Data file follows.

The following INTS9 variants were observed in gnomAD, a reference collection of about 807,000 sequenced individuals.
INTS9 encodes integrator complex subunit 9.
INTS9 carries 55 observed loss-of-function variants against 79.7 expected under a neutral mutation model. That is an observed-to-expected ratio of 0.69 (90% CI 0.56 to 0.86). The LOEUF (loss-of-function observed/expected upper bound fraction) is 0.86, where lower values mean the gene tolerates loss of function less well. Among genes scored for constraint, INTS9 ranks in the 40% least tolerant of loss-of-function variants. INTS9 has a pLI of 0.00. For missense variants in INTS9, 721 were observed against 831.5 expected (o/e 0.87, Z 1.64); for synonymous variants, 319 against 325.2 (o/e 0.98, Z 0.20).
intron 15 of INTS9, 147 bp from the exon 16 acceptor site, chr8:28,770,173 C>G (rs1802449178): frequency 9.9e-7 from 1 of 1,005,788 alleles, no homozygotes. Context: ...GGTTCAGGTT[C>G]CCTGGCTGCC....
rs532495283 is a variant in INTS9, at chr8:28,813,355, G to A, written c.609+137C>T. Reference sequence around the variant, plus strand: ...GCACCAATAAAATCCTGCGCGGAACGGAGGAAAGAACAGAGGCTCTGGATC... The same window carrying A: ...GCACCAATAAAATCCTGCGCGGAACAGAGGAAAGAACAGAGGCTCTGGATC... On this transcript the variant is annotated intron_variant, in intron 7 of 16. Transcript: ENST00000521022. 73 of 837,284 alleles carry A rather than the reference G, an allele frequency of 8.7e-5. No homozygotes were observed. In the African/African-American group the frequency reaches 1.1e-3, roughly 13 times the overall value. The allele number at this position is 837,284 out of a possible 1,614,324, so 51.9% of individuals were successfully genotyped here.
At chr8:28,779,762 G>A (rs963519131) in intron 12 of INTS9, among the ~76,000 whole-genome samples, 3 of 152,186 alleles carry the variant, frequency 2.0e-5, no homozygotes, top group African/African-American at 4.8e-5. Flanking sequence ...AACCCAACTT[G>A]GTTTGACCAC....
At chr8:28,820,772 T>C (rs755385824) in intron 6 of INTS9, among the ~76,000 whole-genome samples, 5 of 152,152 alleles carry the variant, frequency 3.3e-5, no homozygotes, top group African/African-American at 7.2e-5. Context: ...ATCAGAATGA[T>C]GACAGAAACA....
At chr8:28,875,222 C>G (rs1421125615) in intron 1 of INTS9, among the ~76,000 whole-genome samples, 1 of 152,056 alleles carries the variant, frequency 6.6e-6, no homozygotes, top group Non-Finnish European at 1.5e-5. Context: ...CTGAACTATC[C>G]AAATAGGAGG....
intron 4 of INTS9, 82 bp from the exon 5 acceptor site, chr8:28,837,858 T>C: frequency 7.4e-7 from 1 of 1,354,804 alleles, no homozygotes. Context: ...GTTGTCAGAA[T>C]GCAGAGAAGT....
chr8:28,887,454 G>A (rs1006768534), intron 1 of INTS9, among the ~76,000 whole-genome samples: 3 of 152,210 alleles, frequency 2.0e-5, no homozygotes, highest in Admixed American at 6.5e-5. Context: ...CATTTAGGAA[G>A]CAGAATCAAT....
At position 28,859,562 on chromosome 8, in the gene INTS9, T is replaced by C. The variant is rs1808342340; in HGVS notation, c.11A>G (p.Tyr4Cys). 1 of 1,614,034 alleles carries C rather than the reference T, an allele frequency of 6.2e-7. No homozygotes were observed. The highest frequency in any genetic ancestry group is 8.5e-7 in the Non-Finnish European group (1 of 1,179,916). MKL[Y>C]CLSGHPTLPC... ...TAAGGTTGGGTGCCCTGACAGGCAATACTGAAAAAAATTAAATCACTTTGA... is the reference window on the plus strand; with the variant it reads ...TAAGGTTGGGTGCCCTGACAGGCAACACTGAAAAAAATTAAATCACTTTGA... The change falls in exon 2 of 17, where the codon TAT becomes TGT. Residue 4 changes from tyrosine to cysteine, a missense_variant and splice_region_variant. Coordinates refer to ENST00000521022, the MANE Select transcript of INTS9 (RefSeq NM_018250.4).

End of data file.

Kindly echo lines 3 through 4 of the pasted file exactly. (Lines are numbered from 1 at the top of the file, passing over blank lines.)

INTS9 carries 55 observed loss-of-function variants against 79.7 expected under a neutral mutation model. That is an observed-to-expected ratio of 0.69 (90% CI 0.56 to 0.86). The LOEUF (loss-of-function observed/expected upper bound fraction) is 0.86, where lower values mean the gene tolerates loss of function less well. Among genes scored for constraint, INTS9 ranks in the 40% least tolerant of loss-of-function variants. INTS9 has a pLI of 0.00. For missense variants in INTS9, 721 were observed against 831.5 expected (o/e 0.87, Z 1.64); for synonymous variants, 319 against 325.2 (o/e 0.98, Z 0.20).
intron 15 of INTS9, 147 bp from the exon 16 acceptor site, chr8:28,770,173 C>G (rs1802449178): frequency 9.9e-7 from 1 of 1,005,788 alleles, no homozygotes. Context: ...GGTTCAGGTT[C>G]CCTGGCTGCC....